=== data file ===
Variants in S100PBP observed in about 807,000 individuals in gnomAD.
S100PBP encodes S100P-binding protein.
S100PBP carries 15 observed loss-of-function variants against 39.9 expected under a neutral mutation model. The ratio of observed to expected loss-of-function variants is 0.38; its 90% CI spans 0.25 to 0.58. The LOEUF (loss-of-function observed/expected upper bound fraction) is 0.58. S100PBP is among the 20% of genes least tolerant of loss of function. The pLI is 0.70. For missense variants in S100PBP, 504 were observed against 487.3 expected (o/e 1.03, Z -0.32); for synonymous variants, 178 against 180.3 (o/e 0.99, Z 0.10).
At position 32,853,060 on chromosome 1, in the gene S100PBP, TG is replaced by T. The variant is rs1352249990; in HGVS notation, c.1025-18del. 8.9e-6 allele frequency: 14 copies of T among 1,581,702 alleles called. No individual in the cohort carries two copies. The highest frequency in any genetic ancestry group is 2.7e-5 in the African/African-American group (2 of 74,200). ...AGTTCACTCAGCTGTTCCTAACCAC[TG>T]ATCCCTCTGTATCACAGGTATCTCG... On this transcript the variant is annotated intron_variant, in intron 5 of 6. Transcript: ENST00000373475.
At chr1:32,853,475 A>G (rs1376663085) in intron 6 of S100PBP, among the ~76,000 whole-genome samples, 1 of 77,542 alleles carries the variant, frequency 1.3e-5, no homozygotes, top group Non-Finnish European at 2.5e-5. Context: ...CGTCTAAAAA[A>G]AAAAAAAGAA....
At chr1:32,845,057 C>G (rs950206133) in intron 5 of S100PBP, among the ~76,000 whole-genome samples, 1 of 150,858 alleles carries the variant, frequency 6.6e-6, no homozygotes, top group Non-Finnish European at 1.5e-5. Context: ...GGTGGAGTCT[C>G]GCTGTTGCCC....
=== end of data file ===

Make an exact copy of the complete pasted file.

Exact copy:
Variants in S100PBP observed in about 807,000 individuals in gnomAD.
S100PBP encodes S100P-binding protein.
S100PBP carries 15 observed loss-of-function variants against 39.9 expected under a neutral mutation model. The ratio of observed to expected loss-of-function variants is 0.38; its 90% CI spans 0.25 to 0.58. The LOEUF (loss-of-function observed/expected upper bound fraction) is 0.58. S100PBP is among the 20% of genes least tolerant of loss of function. The pLI is 0.70. For missense variants in S100PBP, 504 were observed against 487.3 expected (o/e 1.03, Z -0.32); for synonymous variants, 178 against 180.3 (o/e 0.99, Z 0.10).
At position 32,853,060 on chromosome 1, in the gene S100PBP, TG is replaced by T. The variant is rs1352249990; in HGVS notation, c.1025-18del. 8.9e-6 allele frequency: 14 copies of T among 1,581,702 alleles called. No individual in the cohort carries two copies. The highest frequency in any genetic ancestry group is 2.7e-5 in the African/African-American group (2 of 74,200). ...AGTTCACTCAGCTGTTCCTAACCAC[TG>T]ATCCCTCTGTATCACAGGTATCTCG... On this transcript the variant is annotated intron_variant, in intron 5 of 6. Transcript: ENST00000373475.
At chr1:32,853,475 A>G (rs1376663085) in intron 6 of S100PBP, among the ~76,000 whole-genome samples, 1 of 77,542 alleles carries the variant, frequency 1.3e-5, no homozygotes, top group Non-Finnish European at 2.5e-5. Context: ...CGTCTAAAAA[A>G]AAAAAAAGAA....
At chr1:32,845,057 C>G (rs950206133) in intron 5 of S100PBP, among the ~76,000 whole-genome samples, 1 of 150,858 alleles carries the variant, frequency 6.6e-6, no homozygotes, top group Non-Finnish European at 1.5e-5. Context: ...GGTGGAGTCT[C>G]GCTGTTGCCC....